So I began to investigate a trip to Vrindavan, the holy land of Lord Krishna. The inner push, guidance, or voice told me to go for my sixty-sixth birthday, which would occur on November 9. I knew nothing of Karttika, which occurs at that time. I was just listening to inner directives. After considerable soul-searching, I booked a five-week trip. In researching Vrindavan, I came across the Jiva Institute and thought I might stay there and view ISKCON from afar, wary of false teachers. I had no reason to think ISKCON teachers false, but because of my experience outside of ISKCON, I didn’t want to take any chances. Following the Buddhist and impersonalist paths for so long, where I found many sincere people but just as many frauds and charlatans, caused me to realize that I had built my house on the wrong street, and I didn’t want to do that again. That’s why I was cautious.

I contacted Jaya Devi, the assistant to Jiva Institute’s guru, Satyanarayana. She replied that lodging would be available for me. I saw she had written a small book, From Taj to Vraj, and I also noticed that Satyaraja had endorsed her book. My world was getting smaller, and I felt certain I was on the right track. I made the arrangements.

Shortly afterward, however, His Holiness Giriraja Swami came to Govinda’s in Arizona to give brahminical initiation to Ananta Dasa. There were only a few of us around, as the summer heat there can be intolerable. Sandamini Dasi, the temple founder and president, was in India, and the evening program was sparsely attended. When I finished dinner, I saw that Giriraja Swami was in the temple room with only one other person. I took the opportunity to introduce myself, and I benefited from a delightful conversation with him. I told him I would be going to Vrindavan, and he asked me questions about the nature of my visit. Looking back, I am embarrassed by my ignorance, but we have to begin somewhere, yes?

The evening drive home through the high Sonoran Desert is often exhilaratingly beautiful. That night the drive home was particularly wondrous. I had a happy heart! I knew Giriraja Swami was the real deal. I loved his sincerity and humor, and his quiet demeanor. Later on, when I began to read the Srimad-Bhagavatam I also knew that if I were to go further within Prabhupada’s mission, I would have to have a spiritual master. At first I didn’t understand the term spiritual master because I was not ready to understand the relevance and importance of disciplic succession, or the all-important lineage that bona fide gurus come in. But again, I believe surrender comes in different ways, at different times, to different people. For me, the time seemed right.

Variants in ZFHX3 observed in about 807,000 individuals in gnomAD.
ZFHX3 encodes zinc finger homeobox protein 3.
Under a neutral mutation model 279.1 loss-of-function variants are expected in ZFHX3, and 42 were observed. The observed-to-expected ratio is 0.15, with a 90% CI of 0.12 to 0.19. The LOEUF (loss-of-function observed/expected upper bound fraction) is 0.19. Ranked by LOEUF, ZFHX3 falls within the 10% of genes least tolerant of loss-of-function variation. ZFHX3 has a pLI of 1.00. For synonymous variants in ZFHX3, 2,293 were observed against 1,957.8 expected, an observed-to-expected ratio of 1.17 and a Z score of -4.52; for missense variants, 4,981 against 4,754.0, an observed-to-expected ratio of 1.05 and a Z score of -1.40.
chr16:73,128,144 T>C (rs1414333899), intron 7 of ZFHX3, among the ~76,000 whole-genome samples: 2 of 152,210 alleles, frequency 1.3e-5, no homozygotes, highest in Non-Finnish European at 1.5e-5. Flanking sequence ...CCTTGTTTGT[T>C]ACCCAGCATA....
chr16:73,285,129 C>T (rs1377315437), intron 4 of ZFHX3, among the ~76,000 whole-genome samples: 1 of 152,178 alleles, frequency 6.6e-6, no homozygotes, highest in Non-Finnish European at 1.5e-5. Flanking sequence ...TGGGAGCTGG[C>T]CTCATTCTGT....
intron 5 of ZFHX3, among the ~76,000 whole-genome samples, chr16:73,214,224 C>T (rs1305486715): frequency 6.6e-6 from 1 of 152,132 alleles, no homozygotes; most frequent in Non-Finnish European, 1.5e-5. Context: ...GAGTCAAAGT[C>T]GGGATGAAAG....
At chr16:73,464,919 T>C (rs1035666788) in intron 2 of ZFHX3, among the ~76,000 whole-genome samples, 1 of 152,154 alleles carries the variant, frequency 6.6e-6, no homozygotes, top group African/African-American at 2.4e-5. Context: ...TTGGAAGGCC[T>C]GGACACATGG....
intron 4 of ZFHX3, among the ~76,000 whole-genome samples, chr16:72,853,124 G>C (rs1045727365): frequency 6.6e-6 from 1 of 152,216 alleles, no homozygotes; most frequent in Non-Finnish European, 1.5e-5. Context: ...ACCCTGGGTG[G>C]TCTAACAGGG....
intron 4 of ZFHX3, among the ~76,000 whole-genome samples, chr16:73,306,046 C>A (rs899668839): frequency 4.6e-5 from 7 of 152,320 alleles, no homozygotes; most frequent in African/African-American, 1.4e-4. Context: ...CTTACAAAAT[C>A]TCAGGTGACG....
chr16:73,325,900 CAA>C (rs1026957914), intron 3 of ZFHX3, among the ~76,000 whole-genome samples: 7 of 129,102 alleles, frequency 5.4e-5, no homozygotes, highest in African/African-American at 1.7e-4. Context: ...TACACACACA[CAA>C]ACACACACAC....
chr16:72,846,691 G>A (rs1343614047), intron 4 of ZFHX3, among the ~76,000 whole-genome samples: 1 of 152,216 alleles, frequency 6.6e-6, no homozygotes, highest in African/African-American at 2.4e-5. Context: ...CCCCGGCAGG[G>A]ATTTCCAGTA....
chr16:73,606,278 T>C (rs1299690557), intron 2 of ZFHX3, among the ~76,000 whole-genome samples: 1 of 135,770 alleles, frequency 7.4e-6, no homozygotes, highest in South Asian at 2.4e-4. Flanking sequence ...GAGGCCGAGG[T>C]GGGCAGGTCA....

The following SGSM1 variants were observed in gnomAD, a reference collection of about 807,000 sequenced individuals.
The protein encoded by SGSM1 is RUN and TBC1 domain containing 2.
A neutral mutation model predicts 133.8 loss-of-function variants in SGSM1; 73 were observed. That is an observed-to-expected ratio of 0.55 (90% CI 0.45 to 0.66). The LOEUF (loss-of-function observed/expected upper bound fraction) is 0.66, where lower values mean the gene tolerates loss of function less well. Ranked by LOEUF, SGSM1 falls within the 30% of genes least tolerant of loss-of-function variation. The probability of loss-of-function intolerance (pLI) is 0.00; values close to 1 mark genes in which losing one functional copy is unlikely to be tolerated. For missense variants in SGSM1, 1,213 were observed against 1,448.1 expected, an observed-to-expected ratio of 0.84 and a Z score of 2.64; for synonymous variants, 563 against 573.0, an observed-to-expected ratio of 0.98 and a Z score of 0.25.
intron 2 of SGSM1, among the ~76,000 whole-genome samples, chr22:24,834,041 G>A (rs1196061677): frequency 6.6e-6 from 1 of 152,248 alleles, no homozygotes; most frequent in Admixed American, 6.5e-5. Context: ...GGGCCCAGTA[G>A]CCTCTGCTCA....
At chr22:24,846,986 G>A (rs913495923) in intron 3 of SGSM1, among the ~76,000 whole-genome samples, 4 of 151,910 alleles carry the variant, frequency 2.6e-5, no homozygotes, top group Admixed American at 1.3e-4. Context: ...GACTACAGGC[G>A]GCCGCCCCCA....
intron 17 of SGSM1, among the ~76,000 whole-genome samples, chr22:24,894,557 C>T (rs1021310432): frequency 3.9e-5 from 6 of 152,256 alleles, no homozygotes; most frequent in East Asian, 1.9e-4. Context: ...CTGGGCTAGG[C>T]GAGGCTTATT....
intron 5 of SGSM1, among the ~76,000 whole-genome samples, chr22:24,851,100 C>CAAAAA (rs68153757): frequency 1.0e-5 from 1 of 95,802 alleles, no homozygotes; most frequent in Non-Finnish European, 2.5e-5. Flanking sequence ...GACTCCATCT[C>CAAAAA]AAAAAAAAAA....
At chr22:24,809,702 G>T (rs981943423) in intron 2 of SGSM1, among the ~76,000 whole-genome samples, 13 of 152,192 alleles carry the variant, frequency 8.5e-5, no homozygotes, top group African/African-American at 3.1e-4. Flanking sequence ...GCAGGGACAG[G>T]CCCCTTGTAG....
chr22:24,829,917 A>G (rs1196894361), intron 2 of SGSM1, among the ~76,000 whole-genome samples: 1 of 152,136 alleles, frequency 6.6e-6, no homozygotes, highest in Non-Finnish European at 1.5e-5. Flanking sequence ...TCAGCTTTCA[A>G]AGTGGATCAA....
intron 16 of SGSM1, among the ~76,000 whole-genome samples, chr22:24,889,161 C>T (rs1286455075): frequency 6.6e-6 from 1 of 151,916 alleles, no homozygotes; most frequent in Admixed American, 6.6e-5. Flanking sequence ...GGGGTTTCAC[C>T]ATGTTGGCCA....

Request to Become a Disciple

I emailed Giriraja Swami with my awareness and request to become his disciple. Guru Maharaja replied that if I were serious about my request, I would have to change my plans for India and associate with him before leaving. I will never forget that moment when the world as I had previously known it ceased. I knew I had to respond appropriately. I knew I had stepped into an accelerated time and a true spiritual relationship. Since my divorce so many years ago, I had been on my own. Now, I was required to put my life, once again, in someone else’s hands – but this time it was someone who was spiritually evolved and fully trustworthy.

Standing outside on the doorstep, I realized that moment of exchange with Giriraja Swami was the most serious moment to date. My travel plans were already made, house sitters lined up, tickets purchased, but upon realizing the impact of this decision and saying yes to His Holiness, my true spiritual life began and I made an about-face. The physical sensation of spiritually aligning myself correctly was visceral.

I was to meet with him in Dallas for three days before leaving for Vrindavan. Guru Maharaja then arranged for me to attend the retreats sponsored by VIHE (Vrindavan Institute for Higher Education). Not only was I able to attend these amazing sessions, but I also stayed at the Kirtan Ashram for women and associated with the brilliant Vishakha Prabhu. The Jiva Institute was no longer in my future.

But I can honestly say that my journey down the Vaishnava path all began with Satyaraja, whose association was so valuable to me. He helped me to understand why Buddhist and impersonalist practices may have some merit regarding detachment and discipline but fall short in terms of true spiritual realization. Once I became aware of my relational situation with the Supreme Personality of Godhead, my life went into overdrive, and miracles continue to occur daily. Satyaraja’s encouraging letters led me to Srila Prabhupada’s lotus feet. And I thank him forever for his kind, intelligent, and compassionate sincerity. In fact, I hope to return his service by this retelling of my story here in BTG, which I hope, in turn, will help others put aside impersonal voidism and know the glory of a relationship with the Supreme Personality of Godhead.

I also wish to thank everyone who has encouraged me and helped me along the way, especially Sandamini Dasi. As time passed and another year went by before my little story found its way into BTG, I also finished writing a book entitled Up the Ladder, now in editing. The book details the journey a bit more, taking me up to my impending initiation by His Holiness Giriraja Swami, and proves it is never too late to come to the lotus feet of the Supreme. Hare Krishna.

Donna Lee is now initiated as Danakeli Devi Dasi.